this weekend could really break pandemic records. cecilia? >> gio, thank you. all the millions traveling this holiday weekend will be watching the weather. tonight, a new storm moving into the west as parts of the south are bracing for severe weather. let's go to ginger zee. ginger, track it all out for us. >> reporter: cecilia, southern missouri and northern arkansas are under severe thunderstorm watches right now. we have severe weather possible yet tonight around the cold front. and it's very windy in the great lakes. as has been been for a day or two. you go west, and you see the new storm. the sierras should pick up up to 15 inches of snow. the bay area, some rain. they always need that. 5 1/2 feet of snow fell in parts of oregon just this week, and they'll get more. but on easter sunday, mobile, shreveport, jackson, mississippi, have to be on the lookout for severe weather. cecilia? >> ginger, thank you.
and late today, the white house announcing plans to open public lands to oil and gas drilling. and raising the federal royalties the companies pay to drill for the first time in a century. the move comes as president biden has promised to bring gas prices down. next tonight, twitter's board of and next, twitter's board of directors trying to block elon musk's $43 billion bid. members agreeing on a poison pill strategy that could slow or prevent a corporate takeover like the one musk proposed. but as kaylee hartung tells us, >> reporter: tonight, after elon musk's bid to take over twitter, the company's board fighting back with a corporate defense tactic known as a poison pill. if musk or anyone else acquires 15% or more of the social media platform, twitter will allow other existing shareholders to buy additional shares at a discount. just last week, musk disclosing that he now owns more than 9% of the company, making him one of the largest shareholders.
>> it puts a blockade up for musk if he wants to go down the corporate raider route, to ultimately limit his ability to build shares. >> reporter: it's twitter's latest move to box out the world's wealthiest man. last week they offered him a seat on their board. when he found out he wouldn't be allowed to publicly criticize the company, he turned it down. >> twitter has become kind of the de facto town square. >> reporter: just hours after announcing his $43 billion offer to buy twitter, on twitter, musk appearing at a t.e.d. conference, saying his buyout is extremely important to the future of civilization. but he was evasive when asked what he'll do if his offer is rejected. >> is there a plan b? >> there is. >> reporter: twitter says this plan is similar to other plans adopted by publicly held companies in comparable circumstances. musk is known to be unpredictable. it's a wait and see game for his next move.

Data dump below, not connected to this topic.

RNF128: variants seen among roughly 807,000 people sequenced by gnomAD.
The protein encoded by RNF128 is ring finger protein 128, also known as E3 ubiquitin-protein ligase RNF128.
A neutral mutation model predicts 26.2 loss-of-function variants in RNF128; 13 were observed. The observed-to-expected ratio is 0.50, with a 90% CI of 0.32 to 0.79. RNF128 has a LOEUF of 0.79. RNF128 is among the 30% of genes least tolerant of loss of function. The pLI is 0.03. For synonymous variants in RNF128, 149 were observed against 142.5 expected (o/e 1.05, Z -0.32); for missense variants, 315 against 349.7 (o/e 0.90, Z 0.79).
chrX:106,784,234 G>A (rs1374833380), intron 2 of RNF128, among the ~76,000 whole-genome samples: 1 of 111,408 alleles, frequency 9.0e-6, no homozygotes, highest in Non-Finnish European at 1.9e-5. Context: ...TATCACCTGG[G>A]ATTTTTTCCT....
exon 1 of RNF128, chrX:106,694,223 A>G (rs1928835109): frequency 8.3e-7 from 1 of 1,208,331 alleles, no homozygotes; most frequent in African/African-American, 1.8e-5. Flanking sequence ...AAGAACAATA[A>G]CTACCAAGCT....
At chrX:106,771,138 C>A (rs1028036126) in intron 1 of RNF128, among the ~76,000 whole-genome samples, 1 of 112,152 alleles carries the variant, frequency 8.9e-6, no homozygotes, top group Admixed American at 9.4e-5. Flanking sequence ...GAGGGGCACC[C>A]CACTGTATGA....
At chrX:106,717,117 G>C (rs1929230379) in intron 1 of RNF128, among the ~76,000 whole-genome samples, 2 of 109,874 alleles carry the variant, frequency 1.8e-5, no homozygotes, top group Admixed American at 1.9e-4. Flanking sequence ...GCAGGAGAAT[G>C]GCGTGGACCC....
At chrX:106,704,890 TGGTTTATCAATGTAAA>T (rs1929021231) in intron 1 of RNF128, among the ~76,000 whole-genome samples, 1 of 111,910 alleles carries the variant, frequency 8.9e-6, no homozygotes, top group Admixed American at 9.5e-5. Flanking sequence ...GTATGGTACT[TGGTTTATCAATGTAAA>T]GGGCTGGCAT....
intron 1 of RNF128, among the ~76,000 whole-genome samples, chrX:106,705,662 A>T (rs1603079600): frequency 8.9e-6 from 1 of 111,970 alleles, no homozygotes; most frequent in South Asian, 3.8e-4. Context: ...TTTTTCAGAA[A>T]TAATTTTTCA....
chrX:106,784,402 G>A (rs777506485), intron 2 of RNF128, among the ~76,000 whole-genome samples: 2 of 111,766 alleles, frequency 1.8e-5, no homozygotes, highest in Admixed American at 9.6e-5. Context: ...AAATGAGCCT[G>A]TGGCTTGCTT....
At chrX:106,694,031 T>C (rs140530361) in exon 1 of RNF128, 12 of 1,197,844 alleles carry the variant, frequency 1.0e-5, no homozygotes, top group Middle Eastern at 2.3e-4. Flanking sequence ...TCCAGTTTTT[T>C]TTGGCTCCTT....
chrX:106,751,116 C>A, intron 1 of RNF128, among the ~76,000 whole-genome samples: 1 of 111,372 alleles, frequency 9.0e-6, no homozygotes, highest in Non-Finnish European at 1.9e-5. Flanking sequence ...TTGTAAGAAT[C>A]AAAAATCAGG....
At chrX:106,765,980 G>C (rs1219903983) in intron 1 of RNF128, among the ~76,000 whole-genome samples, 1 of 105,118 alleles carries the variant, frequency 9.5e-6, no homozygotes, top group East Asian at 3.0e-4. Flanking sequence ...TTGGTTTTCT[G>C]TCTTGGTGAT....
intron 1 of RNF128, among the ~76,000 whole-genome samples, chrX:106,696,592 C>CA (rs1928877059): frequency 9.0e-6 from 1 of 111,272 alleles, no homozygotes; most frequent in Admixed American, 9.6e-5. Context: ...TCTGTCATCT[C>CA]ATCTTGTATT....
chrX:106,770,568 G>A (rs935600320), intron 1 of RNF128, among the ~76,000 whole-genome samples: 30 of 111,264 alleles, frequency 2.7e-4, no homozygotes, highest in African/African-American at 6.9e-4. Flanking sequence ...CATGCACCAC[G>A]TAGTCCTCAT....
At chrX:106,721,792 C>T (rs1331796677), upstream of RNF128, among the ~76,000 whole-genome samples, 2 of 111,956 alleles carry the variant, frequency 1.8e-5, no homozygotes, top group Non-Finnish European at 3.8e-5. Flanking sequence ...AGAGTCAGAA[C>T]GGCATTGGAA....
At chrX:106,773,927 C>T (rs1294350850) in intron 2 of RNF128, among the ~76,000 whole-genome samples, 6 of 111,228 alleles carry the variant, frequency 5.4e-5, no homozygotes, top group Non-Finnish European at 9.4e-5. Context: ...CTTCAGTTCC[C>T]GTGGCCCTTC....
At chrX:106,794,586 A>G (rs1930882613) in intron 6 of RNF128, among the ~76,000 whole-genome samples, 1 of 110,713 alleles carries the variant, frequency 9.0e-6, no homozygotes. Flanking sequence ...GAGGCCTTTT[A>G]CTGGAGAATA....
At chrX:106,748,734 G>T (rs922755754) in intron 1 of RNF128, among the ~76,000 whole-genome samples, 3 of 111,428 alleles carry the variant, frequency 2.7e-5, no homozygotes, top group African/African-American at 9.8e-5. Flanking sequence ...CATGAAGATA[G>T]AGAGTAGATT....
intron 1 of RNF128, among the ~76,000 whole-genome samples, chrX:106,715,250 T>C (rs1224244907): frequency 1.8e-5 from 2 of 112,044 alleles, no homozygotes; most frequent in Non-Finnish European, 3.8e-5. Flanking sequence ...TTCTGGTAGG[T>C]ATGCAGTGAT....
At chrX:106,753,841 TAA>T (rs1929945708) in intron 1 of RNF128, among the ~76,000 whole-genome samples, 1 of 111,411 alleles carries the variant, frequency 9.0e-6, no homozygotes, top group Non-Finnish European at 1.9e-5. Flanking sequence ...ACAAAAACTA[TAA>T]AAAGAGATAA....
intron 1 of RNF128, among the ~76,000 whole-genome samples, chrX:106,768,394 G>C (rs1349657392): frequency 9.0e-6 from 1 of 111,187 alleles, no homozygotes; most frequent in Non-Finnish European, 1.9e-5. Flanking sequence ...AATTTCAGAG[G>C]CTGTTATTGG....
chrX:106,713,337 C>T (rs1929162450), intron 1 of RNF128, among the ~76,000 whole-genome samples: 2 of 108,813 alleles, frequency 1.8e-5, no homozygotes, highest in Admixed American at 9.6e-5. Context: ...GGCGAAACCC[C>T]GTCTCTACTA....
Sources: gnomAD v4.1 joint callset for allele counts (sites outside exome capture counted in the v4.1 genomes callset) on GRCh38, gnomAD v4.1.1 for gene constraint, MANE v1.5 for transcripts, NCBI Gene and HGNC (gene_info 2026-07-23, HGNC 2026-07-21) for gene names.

>> kaylee, thank you. recovery is seas now, tensions in jerusalem eerupting at one of the holiest times of the year for jews, muslims, and christians. palestinians and israelis clashing at the al aqsa mosque. more than 150 israeli forces storming the mosque. here's lama hasan with the latest. >> reporter: tonight, jerusalem on a knife edge after stream security forces stormed the al aqsa mosque, one of islam's holiest sites, with muslim worshippers gathered for friday prayers. firing tear gas and stun grenades inside the mosque, more than 150 palestinians were injured, and at least 4 israeli soldiers were wounded. israeli officials insist they waited until after prayers and released this video, which they say shows palestinians throwing stones and fireworks below at the western wall. the site sacred to both muslims and jews, where the
haram al sharif and the temple mount are located. clashes here ignited an 11-day war with militants at the gaza strip last year. tensions already extremely high after several recent attacks inside israel, including a gunman opening fire at a bar in the middle of a bustling street in tel aviv, killing three israelis. tonight, the holy city is calm. but some fear it's fragile, with passover taking place during ramadan. as well as easter celebrations. the israeli prime minister saying they're preparing for any scenario. cecilia? >> lama, thank you. tonight, in rome, pope francis at the coliseum marking good friday. thousands of pilgrims and tourists were there holding candles. the pope did not mention the ukraine war by name. but at the end of the service, he prayed that god disarm the hand raised by brother against brother. still ahead on "world news tonight" this friday, inside the
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hazmat suits. authorities were there to force some residents from their homes so their apartments could be used as temporary quarantine facilities. shanghai is at the center of chna's current covid surge. the city has been under lockdown for weeks. hot and dry conditions helping to fuel a deadly wildfire in new mexico. the mcbride fire has already burned more than 6,000 acres, claiming the lives of two elderly people trying to evacuate. more than 200 homes have been damaged or destroyed, and mandatory evacuations remain in effect. when we come back, the horrifying attack captured on camera. a man allegedly trying to run over a woman after a minor traffic accident. ybe it's anothl at your favorite diner... or waiting for the 7:12 bus... or sunday afternoon in the produce aisle. these moments may not seem remarkable. but at pfizer, protecting the regular routine, and everyday drives us to reach for exceptional. working to impact hundreds of millions of lives... young and old.